12 Songs, 37 Minutes

EDITORS’ NOTES

The Plimsouls’ major-label debut shows the L.A. power poppers breaking through to the mainstream at the precise moment they were breaking up. First-time producer Jeff Eyrich gave them a more conventional rock sound, which makes Everywhere at Once a little less nervy than the band’s previous independent releases. But the album compensates with several of The Plimsouls' all-time best songs. “Shaky City,” “Oldest Story in the World," and “How Long Will It Take?” combine teenage momentum with a grownup feeling of poignancy. In this way, The Plimsouls weren't unlike a West Coast counterpart to Minneapolis’ legendary Replacements. The band broke up when frontman Peter Case realized he wanted to pursue a more acoustic-oriented solo career. Maybe because of the timing, their breakthrough hit has always had an elegiac aftertaste. Due to its inclusion on the Valley Girl soundtrack, “A Million Miles Away” became the band’s biggest song. It's also their best. It's everything a rock single should be: urgent, catchy, and nostalgic for the fleeting passions of youth.

EDITORS’ NOTES

The Plimsouls’ major-label debut shows the L.A. power poppers breaking through to the mainstream at the precise moment they were breaking up. First-time producer Jeff Eyrich gave them a more conventional rock sound, which makes Everywhere at Once a little less nervy than the band’s previous independent releases. But the album compensates with several of The Plimsouls' all-time best songs. “Shaky City,” “Oldest Story in the World," and “How Long Will It Take?” combine teenage momentum with a grownup feeling of poignancy. In this way, The Plimsouls weren't unlike a West Coast counterpart to Minneapolis’ legendary Replacements. The band broke up when frontman Peter Case realized he wanted to pursue a more acoustic-oriented solo career. Maybe because of the timing, their breakthrough hit has always had an elegiac aftertaste. Due to its inclusion on the Valley Girl soundtrack, “A Million Miles Away” became the band’s biggest song. It's also their best. It's everything a rock single should be: urgent, catchy, and nostalgic for the fleeting passions of youth.

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About The Plimsouls

Formed in Los Angeles in 1978, the Plimsouls merged roots, retro and guitar rock with a ramshackle punk aesthetic. At a time when rock music was shifting gears, the Plimsouls' brand of soul-punk -- a modern take on '60s soul, British Invasion and garage rock sounds -- fit right in with the '80s post-punk American guitar band movement. Known for their kinetic live performances, the Plimsouls had an exceptional frontman in singer/songwriter Peter Case whose decision to pursue a solo career effectively ended their '80s run, but whose songs have kept the group's slight catalog and legacy in the public eye.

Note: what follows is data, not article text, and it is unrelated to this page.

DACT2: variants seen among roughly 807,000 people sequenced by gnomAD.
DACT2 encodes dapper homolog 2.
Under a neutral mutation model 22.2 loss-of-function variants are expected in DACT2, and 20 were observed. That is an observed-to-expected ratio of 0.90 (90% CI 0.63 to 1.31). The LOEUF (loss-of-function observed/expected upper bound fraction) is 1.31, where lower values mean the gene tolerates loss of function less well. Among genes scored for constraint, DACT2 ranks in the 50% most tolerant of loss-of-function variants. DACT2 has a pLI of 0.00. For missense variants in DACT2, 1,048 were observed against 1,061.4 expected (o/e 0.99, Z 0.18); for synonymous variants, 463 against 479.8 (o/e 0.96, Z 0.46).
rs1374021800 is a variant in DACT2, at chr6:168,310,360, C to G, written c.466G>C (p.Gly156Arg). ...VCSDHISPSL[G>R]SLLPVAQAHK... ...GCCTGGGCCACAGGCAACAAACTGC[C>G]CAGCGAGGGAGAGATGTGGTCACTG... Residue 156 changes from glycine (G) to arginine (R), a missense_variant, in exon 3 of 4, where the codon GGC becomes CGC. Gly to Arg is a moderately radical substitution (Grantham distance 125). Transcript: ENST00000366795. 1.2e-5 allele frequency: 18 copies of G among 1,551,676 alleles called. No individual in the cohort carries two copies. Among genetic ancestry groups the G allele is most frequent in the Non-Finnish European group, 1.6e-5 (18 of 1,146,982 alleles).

Case came to the Plimsouls with experience, having previously collaborated with Jack Lee and Paul Collins in the Nerves, a precursor-to-punk D.I.Y. group with a 1976 single, "Hangin' on the Telephone" (later recorded by Blondie). Living in L.A., Case started to play with locals Louie Ramírez (drums) and Dave Pahoa (bass) in 1979, and within the year Eddie Muñoz (of Austin's the Skunks) joined them on guitar. After recording one EP, Zero Hour in 1980, and a self-titled album in 1981 that contained the now classic power pop anthems "Zero Hour" and "Hush, Hush," the group self-financed a single, "A Million Miles Away." The jangling guitar song was picked up by influential FM station KROQ and thanks to trend-setting DJ Rodney Bingenheimer, the song became a local smash, catapulting the Plimsouls toward wider recognition. The inclusion of "A Million Miles Away" on the soundtrack to the cult film Valley Girl cemented the band's reputation as power pop icons and remains a timeless classic.

An album for Geffen, Everywhere at Once, followed in 1983 but ultimately, the liaison with the label was not a lasting one and the Plimsouls broke up shortly after its release. A testament to the band's stage power is the live document, One Night in America, released in 1988. Following the group's dissolution, Case went on to record a solo album for Geffen; he remains a critically admired and influential artist with a large folk, blues and rock repertoire. In 1995-1996, the band, sans Ramírez, re-formed and played a few reunion dates with former Blondie drummer Clem Burke and released a new studio LP Kool Trash in 1998. In 2005, Oglio Records reissued One Night in America; the original lineup (with Bryan Head on drums) remains together and continues to perform wherever and whenever there's a demand for their unique soul-punk sound. ~ Denise Sullivan

  • ORIGIN
    Los Angeles, CA
  • GENRE
    Rock
  • FORMED
    1978

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